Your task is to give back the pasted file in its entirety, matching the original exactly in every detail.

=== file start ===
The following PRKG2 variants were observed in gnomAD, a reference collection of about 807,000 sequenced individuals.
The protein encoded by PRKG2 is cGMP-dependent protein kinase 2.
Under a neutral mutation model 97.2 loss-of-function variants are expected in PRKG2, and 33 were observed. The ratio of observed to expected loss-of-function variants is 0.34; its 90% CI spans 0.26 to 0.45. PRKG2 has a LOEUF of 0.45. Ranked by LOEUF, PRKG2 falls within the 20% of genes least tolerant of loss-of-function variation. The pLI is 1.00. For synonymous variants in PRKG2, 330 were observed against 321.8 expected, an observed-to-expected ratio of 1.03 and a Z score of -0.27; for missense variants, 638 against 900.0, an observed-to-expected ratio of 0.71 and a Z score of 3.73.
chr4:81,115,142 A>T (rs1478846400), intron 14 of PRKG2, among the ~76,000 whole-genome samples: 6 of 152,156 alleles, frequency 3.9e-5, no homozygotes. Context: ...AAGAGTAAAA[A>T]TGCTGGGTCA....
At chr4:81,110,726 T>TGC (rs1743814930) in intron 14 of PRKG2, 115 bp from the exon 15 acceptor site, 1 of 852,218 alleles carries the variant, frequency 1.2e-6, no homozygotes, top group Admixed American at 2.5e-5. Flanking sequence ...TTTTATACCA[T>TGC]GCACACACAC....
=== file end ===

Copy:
The following PRKG2 variants were observed in gnomAD, a reference collection of about 807,000 sequenced individuals.
The protein encoded by PRKG2 is cGMP-dependent protein kinase 2.
Under a neutral mutation model 97.2 loss-of-function variants are expected in PRKG2, and 33 were observed. The ratio of observed to expected loss-of-function variants is 0.34; its 90% CI spans 0.26 to 0.45. PRKG2 has a LOEUF of 0.45. Ranked by LOEUF, PRKG2 falls within the 20% of genes least tolerant of loss-of-function variation. The pLI is 1.00. For synonymous variants in PRKG2, 330 were observed against 321.8 expected, an observed-to-expected ratio of 1.03 and a Z score of -0.27; for missense variants, 638 against 900.0, an observed-to-expected ratio of 0.71 and a Z score of 3.73.
chr4:81,115,142 A>T (rs1478846400), intron 14 of PRKG2, among the ~76,000 whole-genome samples: 6 of 152,156 alleles, frequency 3.9e-5, no homozygotes. Context: ...AAGAGTAAAA[A>T]TGCTGGGTCA....
At chr4:81,110,726 T>TGC (rs1743814930) in intron 14 of PRKG2, 115 bp from the exon 15 acceptor site, 1 of 852,218 alleles carries the variant, frequency 1.2e-6, no homozygotes, top group Admixed American at 2.5e-5. Flanking sequence ...TTTTATACCA[T>TGC]GCACACACAC....